Are Life Insurance Benefits Taxed?

Updated: Jun 19, 2020

Life insurance proceeds are generally not taxable to the recipient. The theory behind this is that the person who bought the life insurance paid the premiums with money that they had already paid income tax on.

The IRS writes, in Publication 525, that “life insurance proceeds paid to you because of the death of the insured person aren't taxable unless the policy was turned over to you for a price. This is true even if the proceeds were paid under an accident or health insurance policy or an endowment contract. However, interest income received as a result of life insurance proceeds may be taxable.”

So if you receive money as a result of being a beneficiary on someone’s life insurance policy, you are not going to have to pay tax on it.

What if you end up giving some of that money to other relatives? Will they be taxed on it? Nope! Once that money is awarded to you as beneficiary, it becomes your money to do with as you please. If you choose to give it to others, it becomes a gift. They would not owe tax on it nor would you owe tax in giving the money to them, although if the amount you give is over a certain limit, you might need to add an addition form, Form 709, to your tax return.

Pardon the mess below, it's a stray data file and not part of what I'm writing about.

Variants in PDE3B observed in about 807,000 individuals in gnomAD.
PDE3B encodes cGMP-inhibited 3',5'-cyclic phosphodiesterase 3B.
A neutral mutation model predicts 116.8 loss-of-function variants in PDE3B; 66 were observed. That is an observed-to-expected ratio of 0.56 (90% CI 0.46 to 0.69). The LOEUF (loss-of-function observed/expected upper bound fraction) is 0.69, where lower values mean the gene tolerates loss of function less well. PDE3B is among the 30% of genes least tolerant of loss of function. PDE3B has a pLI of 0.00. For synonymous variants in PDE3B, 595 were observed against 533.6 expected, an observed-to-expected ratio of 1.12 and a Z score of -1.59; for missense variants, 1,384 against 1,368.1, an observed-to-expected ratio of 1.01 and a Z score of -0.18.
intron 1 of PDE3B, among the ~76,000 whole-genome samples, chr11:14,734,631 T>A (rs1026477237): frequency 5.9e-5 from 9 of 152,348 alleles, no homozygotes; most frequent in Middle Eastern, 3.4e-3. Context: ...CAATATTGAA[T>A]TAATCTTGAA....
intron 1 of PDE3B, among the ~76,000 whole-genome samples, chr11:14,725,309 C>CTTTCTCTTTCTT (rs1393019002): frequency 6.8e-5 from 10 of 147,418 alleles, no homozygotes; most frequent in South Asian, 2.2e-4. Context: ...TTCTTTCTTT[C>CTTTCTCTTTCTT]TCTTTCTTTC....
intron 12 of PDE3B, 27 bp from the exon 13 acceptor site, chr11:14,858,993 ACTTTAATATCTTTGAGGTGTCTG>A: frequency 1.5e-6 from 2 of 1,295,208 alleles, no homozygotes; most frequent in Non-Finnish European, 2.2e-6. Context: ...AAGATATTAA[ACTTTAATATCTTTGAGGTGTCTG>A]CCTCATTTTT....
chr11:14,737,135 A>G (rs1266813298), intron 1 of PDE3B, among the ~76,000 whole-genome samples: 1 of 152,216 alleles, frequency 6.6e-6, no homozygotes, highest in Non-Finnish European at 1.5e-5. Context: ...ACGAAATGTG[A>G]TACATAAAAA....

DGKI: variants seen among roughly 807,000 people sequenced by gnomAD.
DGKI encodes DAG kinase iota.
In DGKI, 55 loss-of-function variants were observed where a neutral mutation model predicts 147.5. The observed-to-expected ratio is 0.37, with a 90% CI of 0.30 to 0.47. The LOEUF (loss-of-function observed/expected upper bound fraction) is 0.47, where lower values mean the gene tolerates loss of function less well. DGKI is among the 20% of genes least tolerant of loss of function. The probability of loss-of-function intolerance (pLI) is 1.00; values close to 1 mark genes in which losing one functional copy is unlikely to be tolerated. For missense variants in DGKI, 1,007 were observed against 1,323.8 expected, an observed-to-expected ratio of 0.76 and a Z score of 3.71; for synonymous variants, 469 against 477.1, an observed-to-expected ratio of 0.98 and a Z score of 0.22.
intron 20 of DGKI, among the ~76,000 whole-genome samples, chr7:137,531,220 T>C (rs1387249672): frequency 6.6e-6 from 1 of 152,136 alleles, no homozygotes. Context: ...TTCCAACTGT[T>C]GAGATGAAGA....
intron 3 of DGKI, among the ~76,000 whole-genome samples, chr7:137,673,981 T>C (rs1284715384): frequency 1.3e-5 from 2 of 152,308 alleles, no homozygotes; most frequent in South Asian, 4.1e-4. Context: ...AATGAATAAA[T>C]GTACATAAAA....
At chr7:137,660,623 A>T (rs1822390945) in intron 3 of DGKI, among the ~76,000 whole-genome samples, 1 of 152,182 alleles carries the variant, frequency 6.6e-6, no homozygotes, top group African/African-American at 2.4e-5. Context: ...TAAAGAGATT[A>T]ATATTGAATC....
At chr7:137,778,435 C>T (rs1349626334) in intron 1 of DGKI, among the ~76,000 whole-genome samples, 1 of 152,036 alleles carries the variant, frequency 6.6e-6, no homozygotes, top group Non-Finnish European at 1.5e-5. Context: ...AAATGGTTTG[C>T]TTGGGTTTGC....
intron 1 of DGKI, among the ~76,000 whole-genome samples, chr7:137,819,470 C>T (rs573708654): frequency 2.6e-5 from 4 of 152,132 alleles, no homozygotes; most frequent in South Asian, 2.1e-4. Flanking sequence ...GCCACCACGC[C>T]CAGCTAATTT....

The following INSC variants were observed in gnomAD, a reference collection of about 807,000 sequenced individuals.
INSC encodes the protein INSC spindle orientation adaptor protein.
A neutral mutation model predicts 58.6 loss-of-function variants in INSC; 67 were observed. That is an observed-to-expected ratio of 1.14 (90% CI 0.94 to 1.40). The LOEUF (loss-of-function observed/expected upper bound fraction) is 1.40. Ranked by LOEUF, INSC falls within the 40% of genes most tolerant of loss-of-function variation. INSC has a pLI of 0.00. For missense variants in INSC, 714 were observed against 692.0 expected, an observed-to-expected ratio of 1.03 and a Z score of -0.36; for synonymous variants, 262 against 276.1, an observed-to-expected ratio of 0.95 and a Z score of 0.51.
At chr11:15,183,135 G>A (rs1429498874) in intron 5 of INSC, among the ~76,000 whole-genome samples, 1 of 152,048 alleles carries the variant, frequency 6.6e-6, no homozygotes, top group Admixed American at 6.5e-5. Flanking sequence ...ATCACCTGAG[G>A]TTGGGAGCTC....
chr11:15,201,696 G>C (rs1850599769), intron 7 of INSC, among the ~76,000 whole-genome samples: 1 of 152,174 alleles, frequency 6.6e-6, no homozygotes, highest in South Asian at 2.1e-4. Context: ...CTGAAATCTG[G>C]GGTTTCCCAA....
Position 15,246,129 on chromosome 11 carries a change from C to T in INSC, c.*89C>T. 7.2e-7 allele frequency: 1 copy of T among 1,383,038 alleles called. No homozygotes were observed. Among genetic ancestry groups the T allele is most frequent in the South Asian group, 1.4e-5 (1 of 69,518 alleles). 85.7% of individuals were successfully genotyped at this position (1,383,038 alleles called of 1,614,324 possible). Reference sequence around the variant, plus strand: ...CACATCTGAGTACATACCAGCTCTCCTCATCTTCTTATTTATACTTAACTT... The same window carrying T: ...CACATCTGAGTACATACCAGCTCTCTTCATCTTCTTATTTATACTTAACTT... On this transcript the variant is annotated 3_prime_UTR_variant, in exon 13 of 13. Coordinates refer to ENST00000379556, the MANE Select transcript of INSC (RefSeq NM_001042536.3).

Generally, gifts are not considered taxable income to the person who receives the gift. To clarify: if Person A does work for Person B and Person B pays $1,000 to Person A, then that money is considered wages and is subject to being taxed just like the money earned by Person A at his/her job. If Person B gives a gift of $1,000 to Person A, then Person A doesn’t pay tax on the money.